In the wee hours of Tuesday, February 14, a Winnipeg bus driver was assaulted by a knife-wielding passenger who had been asked several times to exit the bus, because it had come to the end of the route and was out of service. The driver died later in hospital.
Later that day, Minister of Infrastructure and Communities, Amarjeet Sohi, rose in the House of Commons to pay tribute to the slain Winnipeg Transit employee. Mr. Sohi’s comments included that he was a former bus driver; this brought a chorus of laughter from Progressive Conservative members. In my opinion, this display of disrespect demonstrated without a doubt the PC’s elitist tendencies.
The following day, Adam Vaughan (Spadina — Fort York) rose in the House on a point of order to demand an apology for the outbreak of laughter. The response from House Leader of the Opposition, Candice Bergen, was fine up to the point she uttered the words, “I’m not sure what laughter; there’s all kinds of laughter that occurs here.” To me that showed her words were insincere, trite, and disrespectful.
This brings me to the events of last Sunday evening at the Niagara Falls bus terminal. I was waiting for the 19:30 Megabus departure on Platform 2 when an altercation between a male passenger and the GO bus driver erupted on Platform 1. I kept my distance, because this dude was dropping “F-bombs” like there was no tomorrow. As best as I could tell, the dispute was fare related. Before I boarded my bus, I saw two NRPS cruisers arriving on the scene. I trust the melee subsided quickly after that.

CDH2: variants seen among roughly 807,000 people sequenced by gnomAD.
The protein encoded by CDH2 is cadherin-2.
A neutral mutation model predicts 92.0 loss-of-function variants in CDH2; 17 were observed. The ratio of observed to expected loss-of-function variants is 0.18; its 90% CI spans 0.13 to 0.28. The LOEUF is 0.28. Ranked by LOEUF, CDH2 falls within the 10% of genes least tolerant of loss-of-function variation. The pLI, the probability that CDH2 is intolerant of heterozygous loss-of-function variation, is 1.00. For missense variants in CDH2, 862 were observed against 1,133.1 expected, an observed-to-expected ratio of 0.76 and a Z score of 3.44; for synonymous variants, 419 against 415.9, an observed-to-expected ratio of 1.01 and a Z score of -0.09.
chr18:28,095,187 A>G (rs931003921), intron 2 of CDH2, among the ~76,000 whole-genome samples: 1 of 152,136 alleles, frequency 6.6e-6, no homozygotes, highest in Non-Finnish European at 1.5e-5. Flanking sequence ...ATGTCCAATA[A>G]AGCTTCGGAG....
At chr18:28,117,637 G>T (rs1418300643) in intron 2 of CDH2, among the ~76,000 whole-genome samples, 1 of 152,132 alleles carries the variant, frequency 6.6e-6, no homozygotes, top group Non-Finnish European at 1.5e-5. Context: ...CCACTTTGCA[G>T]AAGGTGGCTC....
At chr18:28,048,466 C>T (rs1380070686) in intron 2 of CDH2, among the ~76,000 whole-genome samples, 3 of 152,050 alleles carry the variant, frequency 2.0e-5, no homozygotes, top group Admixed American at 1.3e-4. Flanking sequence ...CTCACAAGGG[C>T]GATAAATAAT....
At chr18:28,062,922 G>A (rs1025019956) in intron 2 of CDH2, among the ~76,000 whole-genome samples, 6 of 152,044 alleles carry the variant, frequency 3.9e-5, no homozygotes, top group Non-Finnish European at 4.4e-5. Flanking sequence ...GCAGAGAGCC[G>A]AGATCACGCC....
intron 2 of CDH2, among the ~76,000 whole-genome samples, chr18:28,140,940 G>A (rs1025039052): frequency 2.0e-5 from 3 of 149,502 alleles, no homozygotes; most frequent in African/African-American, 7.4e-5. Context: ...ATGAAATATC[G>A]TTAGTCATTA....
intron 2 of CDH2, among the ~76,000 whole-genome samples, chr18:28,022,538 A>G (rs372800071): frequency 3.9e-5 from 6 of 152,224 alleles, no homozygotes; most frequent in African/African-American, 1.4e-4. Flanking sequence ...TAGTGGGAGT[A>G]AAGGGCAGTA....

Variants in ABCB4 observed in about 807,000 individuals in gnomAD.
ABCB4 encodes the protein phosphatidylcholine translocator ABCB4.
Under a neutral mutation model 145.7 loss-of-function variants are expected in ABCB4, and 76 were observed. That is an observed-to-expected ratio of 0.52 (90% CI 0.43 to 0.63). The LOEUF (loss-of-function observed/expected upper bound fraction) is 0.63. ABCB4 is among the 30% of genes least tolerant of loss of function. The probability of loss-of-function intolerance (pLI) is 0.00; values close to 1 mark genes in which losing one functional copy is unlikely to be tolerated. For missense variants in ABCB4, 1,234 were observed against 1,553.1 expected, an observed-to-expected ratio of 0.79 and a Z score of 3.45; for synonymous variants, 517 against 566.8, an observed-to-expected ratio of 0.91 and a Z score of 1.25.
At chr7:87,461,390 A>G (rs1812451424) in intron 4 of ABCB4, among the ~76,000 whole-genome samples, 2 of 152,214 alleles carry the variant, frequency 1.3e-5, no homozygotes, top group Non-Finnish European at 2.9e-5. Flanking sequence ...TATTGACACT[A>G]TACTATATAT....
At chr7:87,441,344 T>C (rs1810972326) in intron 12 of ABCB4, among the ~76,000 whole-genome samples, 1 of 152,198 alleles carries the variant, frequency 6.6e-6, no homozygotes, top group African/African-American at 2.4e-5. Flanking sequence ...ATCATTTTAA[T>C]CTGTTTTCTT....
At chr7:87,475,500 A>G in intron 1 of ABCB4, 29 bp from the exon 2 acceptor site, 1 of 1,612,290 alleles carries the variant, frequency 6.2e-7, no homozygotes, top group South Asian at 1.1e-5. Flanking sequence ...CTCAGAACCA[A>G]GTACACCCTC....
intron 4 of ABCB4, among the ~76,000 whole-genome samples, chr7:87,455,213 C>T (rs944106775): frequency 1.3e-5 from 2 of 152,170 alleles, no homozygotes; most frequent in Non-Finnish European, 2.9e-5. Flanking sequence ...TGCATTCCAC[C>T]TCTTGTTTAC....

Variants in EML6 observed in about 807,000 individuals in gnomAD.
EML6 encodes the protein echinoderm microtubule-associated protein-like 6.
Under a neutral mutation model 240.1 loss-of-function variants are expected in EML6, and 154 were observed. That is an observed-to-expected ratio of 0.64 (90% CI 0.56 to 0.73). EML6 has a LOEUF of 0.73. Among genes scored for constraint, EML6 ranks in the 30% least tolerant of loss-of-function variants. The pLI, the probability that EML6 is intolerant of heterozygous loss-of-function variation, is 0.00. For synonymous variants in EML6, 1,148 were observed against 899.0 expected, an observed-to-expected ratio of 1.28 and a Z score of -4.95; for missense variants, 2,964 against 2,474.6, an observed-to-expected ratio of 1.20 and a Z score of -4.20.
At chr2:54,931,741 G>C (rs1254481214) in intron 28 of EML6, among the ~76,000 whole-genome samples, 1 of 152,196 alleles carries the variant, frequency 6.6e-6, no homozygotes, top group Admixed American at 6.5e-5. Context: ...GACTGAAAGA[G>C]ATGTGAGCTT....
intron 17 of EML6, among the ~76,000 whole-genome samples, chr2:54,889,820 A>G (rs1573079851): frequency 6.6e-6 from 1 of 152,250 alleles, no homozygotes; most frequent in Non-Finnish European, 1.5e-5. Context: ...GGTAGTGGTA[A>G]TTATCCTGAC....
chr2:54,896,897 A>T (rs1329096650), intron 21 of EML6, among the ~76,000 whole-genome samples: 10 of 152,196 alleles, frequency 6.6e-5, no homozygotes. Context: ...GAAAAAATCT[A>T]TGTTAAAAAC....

On the trip to Toronto, I got to wondering why a driver would debate payment of a fare with that kind of passenger, endure verbal disrespect and possible physical abuse, especially in light of what had happened in Winnipeg. I wondered what that the highest GO Transit fare from Niagara Falls might be. Let’s say it’s to Peterborough — $26.65 one way.
I value my life more than that amount; most people do. Why not wave the passenger on board to avoid a confrontation, radio the control centre to have police or GO Transit’s constables meet the bus at the next stop and haul the passenger off the bus? I understand that drivers are on the front line for trip policies and procedures, but to what extent?
In my opinion, drivers must not forget their real obligations — to family and friends. The driver in Winnipeg may have been right per the rules of the transit company, but in the end he lost at a much larger game. It’s a job. There are more important things in life. Understand and respect that.
Let me wrap up by reminding everyone that Transit Driver Appreciation Day is March 18. This year that date is a Saturday, so the day will be celebrated on March 17, too. A simple cheery “Thank you” goes a long way. So does a tea or coffee. And in Niagara Falls, I’m given to understand that delivered wonton soup is the ultimate compliment.